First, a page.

An examination of the knowledge production process in a spatial planning exercise : the case study of the Back of Port Project in Durban, South Africa.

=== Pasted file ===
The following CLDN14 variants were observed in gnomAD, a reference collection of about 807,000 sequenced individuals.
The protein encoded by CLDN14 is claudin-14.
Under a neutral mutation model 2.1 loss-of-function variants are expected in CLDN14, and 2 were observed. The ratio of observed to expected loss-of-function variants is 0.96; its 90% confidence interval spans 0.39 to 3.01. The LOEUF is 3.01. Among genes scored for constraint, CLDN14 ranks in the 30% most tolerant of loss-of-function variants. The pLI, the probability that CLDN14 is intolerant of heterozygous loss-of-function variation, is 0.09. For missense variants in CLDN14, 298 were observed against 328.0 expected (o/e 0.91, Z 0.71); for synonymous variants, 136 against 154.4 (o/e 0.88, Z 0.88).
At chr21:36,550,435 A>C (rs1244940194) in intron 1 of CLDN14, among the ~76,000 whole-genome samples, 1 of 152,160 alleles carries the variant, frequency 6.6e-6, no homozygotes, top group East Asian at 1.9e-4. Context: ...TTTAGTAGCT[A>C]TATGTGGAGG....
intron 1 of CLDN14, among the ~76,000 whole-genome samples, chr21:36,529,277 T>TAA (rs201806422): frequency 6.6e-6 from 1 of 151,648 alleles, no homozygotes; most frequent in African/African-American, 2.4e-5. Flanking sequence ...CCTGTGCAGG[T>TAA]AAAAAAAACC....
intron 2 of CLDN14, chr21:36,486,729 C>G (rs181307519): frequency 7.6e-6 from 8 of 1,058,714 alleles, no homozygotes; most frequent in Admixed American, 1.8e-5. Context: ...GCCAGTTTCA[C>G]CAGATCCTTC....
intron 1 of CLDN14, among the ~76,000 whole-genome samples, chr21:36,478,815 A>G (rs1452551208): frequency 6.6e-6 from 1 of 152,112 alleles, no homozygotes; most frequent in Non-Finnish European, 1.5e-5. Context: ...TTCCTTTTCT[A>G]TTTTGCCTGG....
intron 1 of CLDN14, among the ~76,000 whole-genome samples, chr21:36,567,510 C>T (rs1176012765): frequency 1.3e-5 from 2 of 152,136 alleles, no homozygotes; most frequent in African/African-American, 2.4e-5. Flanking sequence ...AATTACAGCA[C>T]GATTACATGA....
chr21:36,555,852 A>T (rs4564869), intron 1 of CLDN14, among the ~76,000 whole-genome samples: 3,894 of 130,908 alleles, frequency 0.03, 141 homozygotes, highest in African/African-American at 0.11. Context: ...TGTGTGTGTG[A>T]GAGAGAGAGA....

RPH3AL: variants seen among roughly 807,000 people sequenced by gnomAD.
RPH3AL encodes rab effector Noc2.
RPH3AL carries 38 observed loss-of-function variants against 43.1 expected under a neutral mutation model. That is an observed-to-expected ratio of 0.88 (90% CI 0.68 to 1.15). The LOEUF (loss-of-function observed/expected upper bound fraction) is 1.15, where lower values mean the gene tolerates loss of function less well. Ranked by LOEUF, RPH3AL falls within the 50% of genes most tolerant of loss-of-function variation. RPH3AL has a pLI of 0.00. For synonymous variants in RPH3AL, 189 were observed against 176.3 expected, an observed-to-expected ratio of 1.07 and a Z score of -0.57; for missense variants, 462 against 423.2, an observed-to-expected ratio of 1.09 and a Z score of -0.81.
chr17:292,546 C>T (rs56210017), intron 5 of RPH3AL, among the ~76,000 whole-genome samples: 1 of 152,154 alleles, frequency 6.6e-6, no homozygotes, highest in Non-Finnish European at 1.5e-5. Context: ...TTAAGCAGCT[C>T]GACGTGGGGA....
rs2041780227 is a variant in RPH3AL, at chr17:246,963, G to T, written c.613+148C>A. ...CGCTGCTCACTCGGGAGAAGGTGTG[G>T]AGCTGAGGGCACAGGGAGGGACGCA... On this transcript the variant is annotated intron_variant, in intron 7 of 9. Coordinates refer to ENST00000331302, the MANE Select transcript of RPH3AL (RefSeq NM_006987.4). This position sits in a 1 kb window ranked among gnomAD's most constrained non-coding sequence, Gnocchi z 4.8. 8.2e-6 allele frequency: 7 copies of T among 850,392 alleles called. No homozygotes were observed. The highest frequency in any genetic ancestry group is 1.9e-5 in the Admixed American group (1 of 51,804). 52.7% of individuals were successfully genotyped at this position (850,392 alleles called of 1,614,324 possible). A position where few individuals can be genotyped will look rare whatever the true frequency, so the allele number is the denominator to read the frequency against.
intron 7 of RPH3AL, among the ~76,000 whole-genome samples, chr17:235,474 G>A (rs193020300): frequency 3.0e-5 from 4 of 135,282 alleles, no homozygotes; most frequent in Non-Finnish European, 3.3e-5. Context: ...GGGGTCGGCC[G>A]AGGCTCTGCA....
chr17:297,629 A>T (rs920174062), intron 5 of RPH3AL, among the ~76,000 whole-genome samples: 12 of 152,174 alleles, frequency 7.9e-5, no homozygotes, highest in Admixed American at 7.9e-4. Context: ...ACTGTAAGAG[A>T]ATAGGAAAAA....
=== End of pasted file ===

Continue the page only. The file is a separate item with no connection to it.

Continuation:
Cities actively endeavour to reposition themselves in the global economy by using large scale neoliberal interventions, which have the potential to significantly alter urban landscapes. Within these interventions, it is important to understand the ways in which knowledge is produced, and how decisions are made. Typically located within cities, ports are drivers of local and regional economic growth, and can stimulate urban development and prosperity. In the age of containerisation, ports and their cities have to transform in order to remain competitive. This study investigates the Back of Port (BoP) Project in Durban, which is a spatial planning exercise initiated by the eThekwini Municipality that sought to create a BoP zone that would enhance the Port of Durban’s competitiveness. The Port was facing a ‘congestion crisis’, and this city-led project emerged out of a co-operative initiative between the Municipality and the state owned Transnet National Port Authority. It was developed by a range of specialist consultants, with the aim of creating a distinct framework for the management and development of land use in the areas adjacent to the Port. The study follows the knowledge production process from the Inception to the Concept Plan Phase of the BoP Project. By using discourse analysis, this research identifies the dominant discourses, story lines and discourse-coalitions, as well as other dramaturgical and deliberative factors, which were introduced by various actors and shifted throughout the project. These features shaped this project’s knowledge production process, and have the potential to significantly alter urban space in this locality. The ‘rules of the game’ constructed the BoP Project so that a ‘good business climate’ would be created for logistics and port-related activities in adjacent city spaces. These spaces were conceptualised as areas of change, which facilitated the introduction of new planning strategies. The knowledge negotiation processes were nuanced and complex, as knowledges associated with the functional discourse-coalition became hegemonic, whilst counter-hegemonic knowledges ‘fell through the cracks’. The research revealed that in order for such planning projects to be successful, it is important that decision-making in urban planning is cognisant of the context within which it occurs, and that holistic decisions, based on ‘multiple knowledges’, are made.